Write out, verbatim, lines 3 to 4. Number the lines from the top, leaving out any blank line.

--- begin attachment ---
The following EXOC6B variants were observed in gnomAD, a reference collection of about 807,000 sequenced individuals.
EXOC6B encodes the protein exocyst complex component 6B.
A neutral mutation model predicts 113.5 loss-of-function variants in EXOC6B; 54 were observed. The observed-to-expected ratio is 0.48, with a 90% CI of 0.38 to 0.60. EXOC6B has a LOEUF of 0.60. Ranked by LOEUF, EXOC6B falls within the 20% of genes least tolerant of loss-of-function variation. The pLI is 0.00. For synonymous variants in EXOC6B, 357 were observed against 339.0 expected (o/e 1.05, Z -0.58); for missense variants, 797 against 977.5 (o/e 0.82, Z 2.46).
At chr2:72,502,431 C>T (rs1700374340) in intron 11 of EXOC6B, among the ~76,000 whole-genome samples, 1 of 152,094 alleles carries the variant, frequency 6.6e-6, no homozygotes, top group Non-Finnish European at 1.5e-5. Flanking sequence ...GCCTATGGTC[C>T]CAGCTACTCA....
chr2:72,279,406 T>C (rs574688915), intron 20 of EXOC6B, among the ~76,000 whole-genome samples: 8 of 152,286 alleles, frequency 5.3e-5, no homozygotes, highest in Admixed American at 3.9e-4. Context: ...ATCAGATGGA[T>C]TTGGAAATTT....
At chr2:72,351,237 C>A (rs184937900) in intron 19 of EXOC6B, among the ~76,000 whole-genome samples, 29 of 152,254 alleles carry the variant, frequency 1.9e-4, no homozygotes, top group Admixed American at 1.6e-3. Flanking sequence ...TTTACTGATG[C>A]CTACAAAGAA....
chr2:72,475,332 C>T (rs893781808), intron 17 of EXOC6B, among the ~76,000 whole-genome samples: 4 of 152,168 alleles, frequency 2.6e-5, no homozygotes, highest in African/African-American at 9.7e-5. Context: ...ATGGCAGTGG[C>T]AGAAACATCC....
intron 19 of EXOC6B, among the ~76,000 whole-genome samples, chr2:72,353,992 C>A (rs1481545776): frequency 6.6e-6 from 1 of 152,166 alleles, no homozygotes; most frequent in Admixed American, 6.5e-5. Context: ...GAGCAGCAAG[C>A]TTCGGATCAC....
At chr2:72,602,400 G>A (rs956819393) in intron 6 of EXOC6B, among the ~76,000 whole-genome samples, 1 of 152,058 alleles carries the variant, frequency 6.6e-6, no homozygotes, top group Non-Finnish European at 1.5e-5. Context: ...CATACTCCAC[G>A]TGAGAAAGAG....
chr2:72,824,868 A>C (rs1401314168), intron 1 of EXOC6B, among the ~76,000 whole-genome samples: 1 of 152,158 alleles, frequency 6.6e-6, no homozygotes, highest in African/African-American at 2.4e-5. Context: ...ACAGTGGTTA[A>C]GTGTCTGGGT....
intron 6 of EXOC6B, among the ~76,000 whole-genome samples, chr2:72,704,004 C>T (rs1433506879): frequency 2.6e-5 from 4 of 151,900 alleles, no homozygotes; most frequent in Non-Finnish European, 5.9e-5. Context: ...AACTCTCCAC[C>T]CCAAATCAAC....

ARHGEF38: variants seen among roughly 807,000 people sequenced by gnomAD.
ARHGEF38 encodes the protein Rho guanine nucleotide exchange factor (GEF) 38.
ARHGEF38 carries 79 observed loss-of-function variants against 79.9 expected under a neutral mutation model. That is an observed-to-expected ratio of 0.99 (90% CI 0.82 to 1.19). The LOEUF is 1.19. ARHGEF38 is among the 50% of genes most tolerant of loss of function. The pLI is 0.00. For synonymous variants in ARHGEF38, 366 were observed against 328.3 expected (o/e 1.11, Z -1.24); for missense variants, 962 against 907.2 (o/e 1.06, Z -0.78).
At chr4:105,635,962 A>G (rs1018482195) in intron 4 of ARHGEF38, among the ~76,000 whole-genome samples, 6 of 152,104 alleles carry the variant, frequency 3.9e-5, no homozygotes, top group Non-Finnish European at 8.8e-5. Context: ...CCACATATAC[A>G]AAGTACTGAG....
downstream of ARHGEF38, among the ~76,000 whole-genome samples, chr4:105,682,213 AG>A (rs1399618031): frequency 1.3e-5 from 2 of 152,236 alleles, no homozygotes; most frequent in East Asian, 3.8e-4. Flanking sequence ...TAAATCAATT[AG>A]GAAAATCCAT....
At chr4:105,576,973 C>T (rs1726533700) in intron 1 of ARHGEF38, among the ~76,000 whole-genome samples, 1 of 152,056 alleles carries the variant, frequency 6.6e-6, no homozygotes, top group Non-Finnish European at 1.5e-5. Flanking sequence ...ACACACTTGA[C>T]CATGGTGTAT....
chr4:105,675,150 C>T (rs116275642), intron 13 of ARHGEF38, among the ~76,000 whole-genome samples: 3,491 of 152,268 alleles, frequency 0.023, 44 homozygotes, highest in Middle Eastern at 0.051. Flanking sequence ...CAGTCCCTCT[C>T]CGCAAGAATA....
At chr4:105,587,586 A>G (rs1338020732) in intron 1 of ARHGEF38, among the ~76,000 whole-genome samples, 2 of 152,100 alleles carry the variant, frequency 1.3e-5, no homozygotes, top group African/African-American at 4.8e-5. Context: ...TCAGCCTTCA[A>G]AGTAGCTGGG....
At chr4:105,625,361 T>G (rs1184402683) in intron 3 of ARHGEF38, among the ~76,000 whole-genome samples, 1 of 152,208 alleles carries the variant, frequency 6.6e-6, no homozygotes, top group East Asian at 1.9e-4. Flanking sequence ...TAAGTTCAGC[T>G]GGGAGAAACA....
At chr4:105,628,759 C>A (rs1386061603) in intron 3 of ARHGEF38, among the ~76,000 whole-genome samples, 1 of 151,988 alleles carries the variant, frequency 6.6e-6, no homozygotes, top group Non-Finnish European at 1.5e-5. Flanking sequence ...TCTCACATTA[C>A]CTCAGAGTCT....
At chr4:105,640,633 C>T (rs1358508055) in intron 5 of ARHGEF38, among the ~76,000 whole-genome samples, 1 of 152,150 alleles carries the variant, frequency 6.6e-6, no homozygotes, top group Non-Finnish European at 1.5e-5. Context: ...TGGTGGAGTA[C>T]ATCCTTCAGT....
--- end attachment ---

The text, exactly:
A neutral mutation model predicts 113.5 loss-of-function variants in EXOC6B; 54 were observed. The observed-to-expected ratio is 0.48, with a 90% CI of 0.38 to 0.60. EXOC6B has a LOEUF of 0.60. Ranked by LOEUF, EXOC6B falls within the 20% of genes least tolerant of loss-of-function variation. The pLI is 0.00. For synonymous variants in EXOC6B, 357 were observed against 339.0 expected (o/e 1.05, Z -0.58); for missense variants, 797 against 977.5 (o/e 0.82, Z 2.46).
At chr2:72,502,431 C>T (rs1700374340) in intron 11 of EXOC6B, among the ~76,000 whole-genome samples, 1 of 152,094 alleles carries the variant, frequency 6.6e-6, no homozygotes, top group Non-Finnish European at 1.5e-5. Flanking sequence ...GCCTATGGTC[C>T]CAGCTACTCA....